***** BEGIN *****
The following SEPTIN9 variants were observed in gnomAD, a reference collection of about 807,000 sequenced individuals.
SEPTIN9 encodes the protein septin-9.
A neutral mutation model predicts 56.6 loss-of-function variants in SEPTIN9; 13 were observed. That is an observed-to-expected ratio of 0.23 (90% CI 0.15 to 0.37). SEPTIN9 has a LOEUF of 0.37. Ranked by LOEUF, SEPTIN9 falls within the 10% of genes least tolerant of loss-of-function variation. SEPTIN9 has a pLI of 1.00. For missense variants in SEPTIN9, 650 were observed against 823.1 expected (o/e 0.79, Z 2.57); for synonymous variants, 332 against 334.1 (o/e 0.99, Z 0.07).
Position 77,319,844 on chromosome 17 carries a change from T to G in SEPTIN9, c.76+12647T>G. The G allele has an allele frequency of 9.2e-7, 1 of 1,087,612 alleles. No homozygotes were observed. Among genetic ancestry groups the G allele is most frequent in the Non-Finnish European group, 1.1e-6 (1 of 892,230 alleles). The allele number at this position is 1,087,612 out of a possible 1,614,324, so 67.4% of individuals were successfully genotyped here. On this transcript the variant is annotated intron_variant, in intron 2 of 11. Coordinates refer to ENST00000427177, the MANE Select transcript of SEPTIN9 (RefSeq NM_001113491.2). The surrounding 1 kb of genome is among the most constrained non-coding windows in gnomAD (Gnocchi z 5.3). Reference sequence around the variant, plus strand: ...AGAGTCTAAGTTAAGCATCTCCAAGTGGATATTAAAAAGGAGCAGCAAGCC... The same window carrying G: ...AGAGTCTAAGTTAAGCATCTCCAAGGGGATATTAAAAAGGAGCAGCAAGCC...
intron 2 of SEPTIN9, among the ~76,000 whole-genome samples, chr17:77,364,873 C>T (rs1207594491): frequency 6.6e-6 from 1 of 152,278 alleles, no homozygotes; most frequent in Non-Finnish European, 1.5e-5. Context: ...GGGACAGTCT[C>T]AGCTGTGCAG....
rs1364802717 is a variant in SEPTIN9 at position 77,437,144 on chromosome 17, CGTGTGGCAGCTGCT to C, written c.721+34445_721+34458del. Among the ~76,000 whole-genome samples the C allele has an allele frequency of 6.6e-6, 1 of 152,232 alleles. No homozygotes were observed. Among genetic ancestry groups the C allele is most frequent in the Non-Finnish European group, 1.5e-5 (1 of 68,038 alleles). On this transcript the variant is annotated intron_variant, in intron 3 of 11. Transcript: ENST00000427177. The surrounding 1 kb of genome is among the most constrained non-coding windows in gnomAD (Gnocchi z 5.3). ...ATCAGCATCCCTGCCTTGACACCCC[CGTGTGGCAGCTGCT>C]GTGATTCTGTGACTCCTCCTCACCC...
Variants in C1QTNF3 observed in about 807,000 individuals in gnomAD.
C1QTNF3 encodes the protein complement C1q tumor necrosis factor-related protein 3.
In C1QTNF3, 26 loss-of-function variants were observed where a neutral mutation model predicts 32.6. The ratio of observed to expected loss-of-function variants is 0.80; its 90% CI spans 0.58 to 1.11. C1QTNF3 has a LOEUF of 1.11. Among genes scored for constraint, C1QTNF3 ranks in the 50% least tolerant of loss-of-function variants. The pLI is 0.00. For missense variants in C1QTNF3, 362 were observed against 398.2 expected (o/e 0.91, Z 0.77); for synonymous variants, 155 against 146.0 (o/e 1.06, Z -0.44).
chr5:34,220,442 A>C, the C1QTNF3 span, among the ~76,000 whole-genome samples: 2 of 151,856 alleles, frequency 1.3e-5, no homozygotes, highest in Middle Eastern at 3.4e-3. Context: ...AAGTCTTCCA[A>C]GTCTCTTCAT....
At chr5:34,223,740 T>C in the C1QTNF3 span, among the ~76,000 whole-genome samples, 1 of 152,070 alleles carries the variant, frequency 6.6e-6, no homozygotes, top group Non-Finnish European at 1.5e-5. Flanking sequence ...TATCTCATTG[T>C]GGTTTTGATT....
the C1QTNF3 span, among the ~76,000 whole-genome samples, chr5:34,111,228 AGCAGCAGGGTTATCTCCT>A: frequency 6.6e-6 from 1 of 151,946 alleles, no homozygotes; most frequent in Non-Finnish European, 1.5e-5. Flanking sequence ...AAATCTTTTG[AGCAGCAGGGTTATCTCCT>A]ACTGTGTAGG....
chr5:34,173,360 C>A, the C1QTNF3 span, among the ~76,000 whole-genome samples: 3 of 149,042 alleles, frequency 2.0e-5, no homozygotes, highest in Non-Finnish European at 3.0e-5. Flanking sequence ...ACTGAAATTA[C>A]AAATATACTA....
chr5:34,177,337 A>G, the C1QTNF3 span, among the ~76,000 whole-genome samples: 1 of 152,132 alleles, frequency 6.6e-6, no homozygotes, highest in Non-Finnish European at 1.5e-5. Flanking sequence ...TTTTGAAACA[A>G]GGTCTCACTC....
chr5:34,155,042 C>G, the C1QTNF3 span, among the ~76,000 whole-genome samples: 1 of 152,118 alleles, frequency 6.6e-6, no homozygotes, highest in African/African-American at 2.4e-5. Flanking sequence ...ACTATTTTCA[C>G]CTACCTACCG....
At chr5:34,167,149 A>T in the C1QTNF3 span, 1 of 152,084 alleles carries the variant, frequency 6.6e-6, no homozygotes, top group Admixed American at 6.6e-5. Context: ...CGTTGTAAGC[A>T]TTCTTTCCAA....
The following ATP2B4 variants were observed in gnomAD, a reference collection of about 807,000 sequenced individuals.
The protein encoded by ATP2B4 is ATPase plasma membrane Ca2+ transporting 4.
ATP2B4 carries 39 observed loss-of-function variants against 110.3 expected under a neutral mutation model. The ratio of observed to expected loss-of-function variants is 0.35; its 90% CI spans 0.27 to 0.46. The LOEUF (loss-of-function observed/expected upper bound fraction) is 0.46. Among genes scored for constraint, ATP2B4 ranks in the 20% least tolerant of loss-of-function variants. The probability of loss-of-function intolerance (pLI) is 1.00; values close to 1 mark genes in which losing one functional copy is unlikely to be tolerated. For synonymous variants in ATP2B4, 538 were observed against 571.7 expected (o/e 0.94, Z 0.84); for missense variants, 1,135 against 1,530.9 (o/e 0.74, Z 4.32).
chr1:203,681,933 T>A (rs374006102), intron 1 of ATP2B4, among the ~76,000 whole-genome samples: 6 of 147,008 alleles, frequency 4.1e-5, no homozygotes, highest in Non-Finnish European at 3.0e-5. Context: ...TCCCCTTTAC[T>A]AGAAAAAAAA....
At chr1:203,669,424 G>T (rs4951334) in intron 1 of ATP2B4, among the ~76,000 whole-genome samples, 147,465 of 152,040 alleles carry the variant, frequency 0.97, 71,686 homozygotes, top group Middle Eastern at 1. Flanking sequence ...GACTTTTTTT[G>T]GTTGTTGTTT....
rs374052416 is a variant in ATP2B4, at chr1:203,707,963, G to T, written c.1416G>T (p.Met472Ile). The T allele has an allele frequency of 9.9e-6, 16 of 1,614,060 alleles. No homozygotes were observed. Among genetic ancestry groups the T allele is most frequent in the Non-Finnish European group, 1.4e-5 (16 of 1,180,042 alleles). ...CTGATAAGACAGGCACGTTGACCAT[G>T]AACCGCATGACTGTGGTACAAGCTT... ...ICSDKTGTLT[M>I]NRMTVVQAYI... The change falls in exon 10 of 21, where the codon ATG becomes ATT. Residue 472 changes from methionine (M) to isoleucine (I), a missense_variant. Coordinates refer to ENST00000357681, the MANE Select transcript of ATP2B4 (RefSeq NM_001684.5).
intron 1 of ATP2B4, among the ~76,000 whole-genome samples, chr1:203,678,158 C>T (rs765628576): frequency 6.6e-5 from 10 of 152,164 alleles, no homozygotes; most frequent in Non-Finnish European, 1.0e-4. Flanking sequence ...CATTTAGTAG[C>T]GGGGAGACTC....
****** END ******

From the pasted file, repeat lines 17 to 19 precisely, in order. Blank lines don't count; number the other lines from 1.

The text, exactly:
The following ATP2B4 variants were observed in gnomAD, a reference collection of about 807,000 sequenced individuals.
The protein encoded by ATP2B4 is ATPase plasma membrane Ca2+ transporting 4.
ATP2B4 carries 39 observed loss-of-function variants against 110.3 expected under a neutral mutation model. The ratio of observed to expected loss-of-function variants is 0.35; its 90% CI spans 0.27 to 0.46. The LOEUF (loss-of-function observed/expected upper bound fraction) is 0.46. Among genes scored for constraint, ATP2B4 ranks in the 20% least tolerant of loss-of-function variants. The probability of loss-of-function intolerance (pLI) is 1.00; values close to 1 mark genes in which losing one functional copy is unlikely to be tolerated. For synonymous variants in ATP2B4, 538 were observed against 571.7 expected (o/e 0.94, Z 0.84); for missense variants, 1,135 against 1,530.9 (o/e 0.74, Z 4.32).